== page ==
Jacoby is no longer the future. She is the present. At American trials last month, she was second to King in 1:05.28. In the month since, she traveled to the U.S. training camp in Hawaii — and got better. Who knows how much a teenager can change when put in an entirely new environment and exposed to the best swimmers in the world?
“I think it helped a lot,” said Alex Walsh, a first-time Olympian from the University of Virginia who turns 20 later this week. “I think a bunch of us, this is our first or second major international meet, so having that kind of camp just to be able to get to know one another and also bond with the vets and hear what they have to say and learn a lot from them, I think that was really beneficial in getting us mentally prepared for taking on a stage as big as this one.”
Jacoby’s race capped what might have been a marquee day for the American team — but only served to show that there’s a reason to show up for the finals, regardless of what the times say about who should win. The Americans’ first gold of the morning figured to come in the men’s 100 back, because the Americans always win the backstroke races. In the 12 men’s Olympic finals in the discipline since 1992, U.S. men had produced 12 golds — including winning swims from legends such as Lenny Krayzelburg, Aaron Peirsol and Ryan Lochte.
Murphy — the double backstroke champion at the Rio de Janeiro Games five years ago — was set to carry on that tradition. He set the world record with his gold medal-winning swim in Rio, and he owns three of the five fastest times in history.
But a pair of Russians — Evgeny Rylov and Kliment Kolesnikov — had posted faster times than Murphy this year. Tuesday, they did just that again. Over the last 50 meters, the question wasn’t whether Murphy would back up his gold — and carry on the American tradition. It was whether he could cling to a medal. He did that — bronze — but he was 0.21 seconds behind Rylov’s gold medal effort, 0.19 behind Kolesnikov for silver.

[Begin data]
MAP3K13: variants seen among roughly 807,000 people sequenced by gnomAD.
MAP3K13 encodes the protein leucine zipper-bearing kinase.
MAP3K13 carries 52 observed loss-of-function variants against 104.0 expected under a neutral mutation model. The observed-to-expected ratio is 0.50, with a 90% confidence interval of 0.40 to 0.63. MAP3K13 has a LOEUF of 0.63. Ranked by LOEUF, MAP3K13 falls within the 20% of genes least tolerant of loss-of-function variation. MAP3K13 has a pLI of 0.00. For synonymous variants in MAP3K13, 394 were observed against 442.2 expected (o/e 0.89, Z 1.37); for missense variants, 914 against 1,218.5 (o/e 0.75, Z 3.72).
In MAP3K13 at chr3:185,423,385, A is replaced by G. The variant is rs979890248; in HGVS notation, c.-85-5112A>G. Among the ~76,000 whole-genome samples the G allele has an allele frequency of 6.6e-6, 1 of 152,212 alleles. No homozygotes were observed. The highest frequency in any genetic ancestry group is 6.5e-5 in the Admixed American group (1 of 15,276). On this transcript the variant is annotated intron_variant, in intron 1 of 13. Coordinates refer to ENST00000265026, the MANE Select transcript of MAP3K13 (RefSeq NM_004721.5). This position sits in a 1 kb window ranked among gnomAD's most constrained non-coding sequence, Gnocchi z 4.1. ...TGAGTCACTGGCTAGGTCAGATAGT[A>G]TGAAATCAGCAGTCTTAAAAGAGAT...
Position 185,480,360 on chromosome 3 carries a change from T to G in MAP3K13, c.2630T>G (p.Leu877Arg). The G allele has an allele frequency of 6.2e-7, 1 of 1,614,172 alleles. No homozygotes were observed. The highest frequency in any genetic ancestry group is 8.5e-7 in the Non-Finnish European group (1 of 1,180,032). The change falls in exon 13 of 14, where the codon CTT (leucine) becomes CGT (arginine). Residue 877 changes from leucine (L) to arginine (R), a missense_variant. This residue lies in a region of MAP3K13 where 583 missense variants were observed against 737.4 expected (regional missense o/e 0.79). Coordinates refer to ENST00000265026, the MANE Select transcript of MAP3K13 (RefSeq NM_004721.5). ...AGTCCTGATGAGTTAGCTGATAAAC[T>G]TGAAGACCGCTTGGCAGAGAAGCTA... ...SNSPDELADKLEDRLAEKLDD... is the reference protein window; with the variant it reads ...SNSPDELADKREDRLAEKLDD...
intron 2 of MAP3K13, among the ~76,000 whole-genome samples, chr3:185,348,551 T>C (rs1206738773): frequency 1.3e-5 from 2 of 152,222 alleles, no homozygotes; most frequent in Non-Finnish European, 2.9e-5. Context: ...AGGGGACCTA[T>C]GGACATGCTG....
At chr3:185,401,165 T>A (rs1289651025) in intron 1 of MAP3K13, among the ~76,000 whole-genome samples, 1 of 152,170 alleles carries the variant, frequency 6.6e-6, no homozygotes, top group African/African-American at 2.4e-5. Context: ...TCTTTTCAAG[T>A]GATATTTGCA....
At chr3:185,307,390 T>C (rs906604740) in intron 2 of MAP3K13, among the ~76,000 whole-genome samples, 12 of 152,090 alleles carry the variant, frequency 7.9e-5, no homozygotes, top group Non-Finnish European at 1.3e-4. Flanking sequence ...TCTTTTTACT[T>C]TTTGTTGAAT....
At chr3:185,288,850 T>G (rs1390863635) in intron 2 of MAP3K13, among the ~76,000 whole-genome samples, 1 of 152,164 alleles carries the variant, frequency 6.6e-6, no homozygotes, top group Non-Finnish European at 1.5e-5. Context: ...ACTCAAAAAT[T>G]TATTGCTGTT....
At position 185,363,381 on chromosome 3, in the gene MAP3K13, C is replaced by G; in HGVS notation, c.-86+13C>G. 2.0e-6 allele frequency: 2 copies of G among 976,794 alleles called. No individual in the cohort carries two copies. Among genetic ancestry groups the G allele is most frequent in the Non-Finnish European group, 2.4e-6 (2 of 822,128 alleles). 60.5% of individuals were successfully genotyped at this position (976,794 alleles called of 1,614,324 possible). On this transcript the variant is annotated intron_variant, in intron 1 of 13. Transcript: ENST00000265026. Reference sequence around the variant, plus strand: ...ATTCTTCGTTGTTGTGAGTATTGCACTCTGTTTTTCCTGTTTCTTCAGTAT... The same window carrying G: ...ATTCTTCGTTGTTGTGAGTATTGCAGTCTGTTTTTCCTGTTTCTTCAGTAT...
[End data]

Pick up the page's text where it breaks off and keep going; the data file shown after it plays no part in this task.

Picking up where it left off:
Also on Tuesday morning, Australia’s Ariarne Titmus and Katie Ledecky of the United States — fresh off their epic 400-meter freestyle final Monday — set up another tussle in the 200 free. Titmus owns the fastest time in the event this year, and she set the standard for Wednesday’s final, posting the fastest time of the semifinals (1:54.82). Ledecky, swimming in the semifinal opposite Titmus, won her race but had the third-fastest time (1:55.34).
The surprise of the day, though, was Jacoby. Smith, herself just a teenager, didn’t meet Jacoby until the night at trials when Jacoby qualified for the team.
“She’s just a sweetheart,” Smith said.
On Monday night, she was Seward’s sweetheart. By Tuesday morning, she belonged to all of America.
When the race finished, King looked at the same numbers and immediately turned to her teammate — two lanes away. She swam over the lane line and gave Jacoby a hug. A gold medal, out of Alaska? A gold medal, out of nowhere? It’s the Olympics, so it’s all possible.
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The Tokyo Olympics have come to a close.